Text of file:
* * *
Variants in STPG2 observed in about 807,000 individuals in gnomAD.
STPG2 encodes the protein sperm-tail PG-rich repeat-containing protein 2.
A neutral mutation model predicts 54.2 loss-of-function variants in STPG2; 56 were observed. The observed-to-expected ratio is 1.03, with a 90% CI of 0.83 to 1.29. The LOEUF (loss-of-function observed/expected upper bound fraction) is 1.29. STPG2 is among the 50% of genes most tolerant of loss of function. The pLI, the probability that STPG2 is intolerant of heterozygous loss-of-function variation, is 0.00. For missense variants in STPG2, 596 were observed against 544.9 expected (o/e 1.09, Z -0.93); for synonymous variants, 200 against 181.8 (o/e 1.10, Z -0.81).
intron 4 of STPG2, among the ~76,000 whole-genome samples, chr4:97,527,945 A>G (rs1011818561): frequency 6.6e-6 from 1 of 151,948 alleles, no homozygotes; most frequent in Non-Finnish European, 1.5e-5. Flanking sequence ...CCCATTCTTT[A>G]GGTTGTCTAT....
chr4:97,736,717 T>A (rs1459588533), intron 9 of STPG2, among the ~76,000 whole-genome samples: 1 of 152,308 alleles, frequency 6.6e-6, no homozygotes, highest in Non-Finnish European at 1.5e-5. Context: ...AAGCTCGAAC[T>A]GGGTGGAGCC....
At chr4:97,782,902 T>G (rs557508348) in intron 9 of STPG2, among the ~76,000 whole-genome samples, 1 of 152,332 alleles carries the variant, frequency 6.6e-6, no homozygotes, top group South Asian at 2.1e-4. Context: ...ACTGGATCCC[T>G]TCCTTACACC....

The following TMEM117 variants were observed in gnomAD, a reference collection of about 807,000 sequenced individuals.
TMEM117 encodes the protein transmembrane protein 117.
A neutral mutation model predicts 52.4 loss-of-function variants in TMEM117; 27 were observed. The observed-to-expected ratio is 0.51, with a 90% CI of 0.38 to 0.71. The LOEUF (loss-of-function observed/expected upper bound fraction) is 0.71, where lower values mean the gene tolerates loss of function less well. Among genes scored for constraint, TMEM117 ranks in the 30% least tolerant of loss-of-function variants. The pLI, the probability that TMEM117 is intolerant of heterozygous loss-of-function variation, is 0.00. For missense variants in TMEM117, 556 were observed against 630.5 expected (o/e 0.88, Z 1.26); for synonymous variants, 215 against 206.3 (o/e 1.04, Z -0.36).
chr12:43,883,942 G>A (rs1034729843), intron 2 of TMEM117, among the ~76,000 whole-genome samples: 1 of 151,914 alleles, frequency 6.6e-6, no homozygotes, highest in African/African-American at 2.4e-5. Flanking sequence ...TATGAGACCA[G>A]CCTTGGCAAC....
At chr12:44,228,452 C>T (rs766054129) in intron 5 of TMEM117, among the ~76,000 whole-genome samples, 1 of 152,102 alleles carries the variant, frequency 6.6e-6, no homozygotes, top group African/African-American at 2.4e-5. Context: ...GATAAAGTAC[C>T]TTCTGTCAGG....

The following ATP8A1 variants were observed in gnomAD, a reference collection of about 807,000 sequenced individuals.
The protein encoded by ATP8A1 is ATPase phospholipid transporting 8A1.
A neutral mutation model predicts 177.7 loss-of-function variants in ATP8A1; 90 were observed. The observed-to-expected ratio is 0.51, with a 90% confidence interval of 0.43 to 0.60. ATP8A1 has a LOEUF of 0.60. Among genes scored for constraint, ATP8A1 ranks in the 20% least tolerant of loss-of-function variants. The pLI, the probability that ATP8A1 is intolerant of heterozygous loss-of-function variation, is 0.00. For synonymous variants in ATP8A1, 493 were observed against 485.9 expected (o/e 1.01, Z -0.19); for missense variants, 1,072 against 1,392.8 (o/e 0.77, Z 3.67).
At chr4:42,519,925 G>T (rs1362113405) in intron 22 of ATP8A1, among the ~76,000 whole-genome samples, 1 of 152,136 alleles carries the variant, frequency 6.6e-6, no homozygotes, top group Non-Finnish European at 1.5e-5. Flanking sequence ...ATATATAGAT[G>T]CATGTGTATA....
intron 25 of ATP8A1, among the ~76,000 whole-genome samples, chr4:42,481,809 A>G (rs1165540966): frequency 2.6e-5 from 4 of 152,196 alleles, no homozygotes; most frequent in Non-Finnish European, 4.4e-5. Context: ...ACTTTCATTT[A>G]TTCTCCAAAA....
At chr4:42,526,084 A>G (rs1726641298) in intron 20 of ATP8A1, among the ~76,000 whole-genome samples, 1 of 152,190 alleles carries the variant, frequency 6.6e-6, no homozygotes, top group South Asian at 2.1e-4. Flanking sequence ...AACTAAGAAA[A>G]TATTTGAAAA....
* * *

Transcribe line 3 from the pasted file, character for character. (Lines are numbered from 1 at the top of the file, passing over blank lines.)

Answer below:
A neutral mutation model predicts 54.2 loss-of-function variants in STPG2; 56 were observed. The observed-to-expected ratio is 1.03, with a 90% CI of 0.83 to 1.29. The LOEUF (loss-of-function observed/expected upper bound fraction) is 1.29. STPG2 is among the 50% of genes most tolerant of loss of function. The pLI, the probability that STPG2 is intolerant of heterozygous loss-of-function variation, is 0.00. For missense variants in STPG2, 596 were observed against 544.9 expected (o/e 1.09, Z -0.93); for synonymous variants, 200 against 181.8 (o/e 1.10, Z -0.81).